ENVIRONMENT A decade ago, environmental institutions in Pakistan at the federal and provincial levels were too weak to enforce laws, with the consequence that the country has seen a significant deterioration in various aspects of its physical environment Environmental awareness was non-existent, and whatever efforts were exerted made little change due to a low literacy rate In 1983, the first environmental ordinance was formulated Since the promulgation of this ordinance, Pakistan has made some progress in the institutional strengthening and capacity-building of institutions devoted to policy and planning, raising environmental awareness, and the promulgation of environmental legislation A set of National Environment Quality Standards (NEQS) was established, and environmental tribunals were constituted in the late 1990s The energy sector introduced lead-free petrol, and since July 2002, all refineries in the country are supplying lead-free petrol and promoting clean fuels, including compressed natural gas (CNG) After the approval by the Pakistan Environmental Protection Council in 2001, the National Environment Action Plan (NEAP) was formulated, which includes various programs, both large and small, for improving the state of the environment The major objectives of NEAP are to achieve a healthy environment and a sustainable livelihood by improving the quality of air, water, and land The plan emphasizes civil society cooperation For this purpose, the initial Environmental Examination (EE) and the Environment Impact Assessment (EIA) have been made mandatory for public sector development projects

To implement NEAP, the government of Pakistan signed a NEAP Support (NEAP-SP) program with the United Nations Development Program (UNDP) in October 2001At the meeting of the World Summit on Sustainable Development (WSSD) 26 August-4 September 2002, Pakistan made a commitment to significantly improve various aspects of the country’s physical environment The country assessment report for WSSD focused on the protection of the atmosphere; developed an integrated approach to the planning and management of land resources; made a commitment to combat deforestation and drought; and committed to launch sustainable development of mountain areas, to promote sustainable agriculture, to conserve biological diversity, to undertake environmentally sound management of biotechnology, and to protect the oceans The report is now the basis of some environmental operations supported by the World BankAir pollution levels in Pakistan’s most populated cities are among the highest in the world and are climbing, causing serious health issues The levels of ambient particulates-smoke particles and dust that cause respiratory disease-are generally twice the world average and are more than five times as high as in industrial countries The key factors contributing to air pollution in Pakistan are a rapidly growing energy demand and a fast growing transport sector Auto and industrial emissions are the main source of atmospheric pollution The growth rate of numbers of vehicles in Pakistan is about 12 percent per annum, and over the last two decades the total number of motor vehicles on the road has jumped from 08 million to almost 50 million (an overall increase of more than 600 percent)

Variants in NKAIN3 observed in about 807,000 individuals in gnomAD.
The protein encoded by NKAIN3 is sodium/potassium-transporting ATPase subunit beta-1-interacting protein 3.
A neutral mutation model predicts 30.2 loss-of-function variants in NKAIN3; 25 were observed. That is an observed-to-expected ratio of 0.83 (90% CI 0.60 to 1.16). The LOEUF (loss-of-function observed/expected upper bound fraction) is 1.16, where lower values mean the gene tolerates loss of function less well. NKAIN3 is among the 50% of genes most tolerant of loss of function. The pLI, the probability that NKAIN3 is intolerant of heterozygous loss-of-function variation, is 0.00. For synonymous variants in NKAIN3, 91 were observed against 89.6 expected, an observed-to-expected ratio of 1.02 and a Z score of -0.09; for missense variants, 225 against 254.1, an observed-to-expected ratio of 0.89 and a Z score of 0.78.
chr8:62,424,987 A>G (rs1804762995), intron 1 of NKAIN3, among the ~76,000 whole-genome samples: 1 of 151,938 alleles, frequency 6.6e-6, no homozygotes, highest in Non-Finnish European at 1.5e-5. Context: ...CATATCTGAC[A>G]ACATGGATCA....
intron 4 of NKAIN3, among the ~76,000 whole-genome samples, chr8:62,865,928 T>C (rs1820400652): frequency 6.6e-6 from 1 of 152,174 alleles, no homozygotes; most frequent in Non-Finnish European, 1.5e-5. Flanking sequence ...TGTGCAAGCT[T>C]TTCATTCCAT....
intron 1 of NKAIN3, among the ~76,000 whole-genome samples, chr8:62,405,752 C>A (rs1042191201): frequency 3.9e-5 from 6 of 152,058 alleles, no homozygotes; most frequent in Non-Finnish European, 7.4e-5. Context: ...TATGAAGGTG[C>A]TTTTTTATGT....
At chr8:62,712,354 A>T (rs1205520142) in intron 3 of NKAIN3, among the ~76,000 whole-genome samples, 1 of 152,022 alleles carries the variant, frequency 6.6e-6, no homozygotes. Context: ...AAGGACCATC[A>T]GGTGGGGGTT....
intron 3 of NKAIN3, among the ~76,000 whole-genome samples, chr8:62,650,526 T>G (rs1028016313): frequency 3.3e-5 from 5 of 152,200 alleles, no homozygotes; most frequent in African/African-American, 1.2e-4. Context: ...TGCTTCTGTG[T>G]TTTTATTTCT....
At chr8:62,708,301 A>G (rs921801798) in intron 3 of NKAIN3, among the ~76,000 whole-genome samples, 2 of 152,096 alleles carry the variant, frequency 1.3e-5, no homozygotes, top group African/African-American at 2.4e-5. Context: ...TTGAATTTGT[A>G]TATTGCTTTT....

Motorcycles and rickshaws using two-stroke engines burn fuel inefficiently and contribute significantly to air pollution The number of rickshaws has more than doubled while motorcycles and scooters have increased sevenfold over the past 20 yearsIncreased population, urbanization, and continued industrial development have placed immense stress on the water resources of the country The extended drought in the late 1990s, and the nondevelopment of additional water resources have aggravated the water scarcity situation, with water availability decreasing in the urban areas Per capita water availability has decreased from 10,000 m3 in 1951 to 5,630 m3 in 2001-2002 Therefore, the provision of safe fresh water supplies is at risk in many parts of the country Various estimates have been made over the years to determine water quality National Environmental Quality Standards are used as a reference point to compare how the average quality of water fares with various parameters While on most counts (including temperature, total dissolved solids, and biological oxygen demand) the urban supply of water is considered to be safe, increased demand for it is likely to result in the deterioration of quality Pollution levels are high in and around the big cities such as Karachi, Lahore, and Rawalpindi As far as chemical characteristics are concerned, the value of turbidity in some areas, such as Rawalpindi, Bahawalpur, Gujarat, Hyderabad, Sukkar, and Ziarat, exceeds the World Health Organization’s (WHO) standard value

The chemical quality of the water was found to be within recommended levels with respect to calcium and chromium However, higher arsenic contents were found in samples collected from seven sites, namely Lahore, Multan, Bahawalpur, Gujranwala, Kasur, Sheikhapura, and Hyderabad According to the WHO, the groundwater of Lahore as far as 700-meters deep has been seriously contaminated and should not be used for human consumption Forests in Pakistan are also under considerable stress, particularly in the mountainous regions in the country’s north and northeast These areas are poorly served by gas and electricity grids, and wood remains the main source of fuel and heat Deforestation is rampant, and forest cover is being lost at a troubling rate Deforestation has exposed these areas to natural disasters, aggravating considerably the adverse impact of earthquakes and floods

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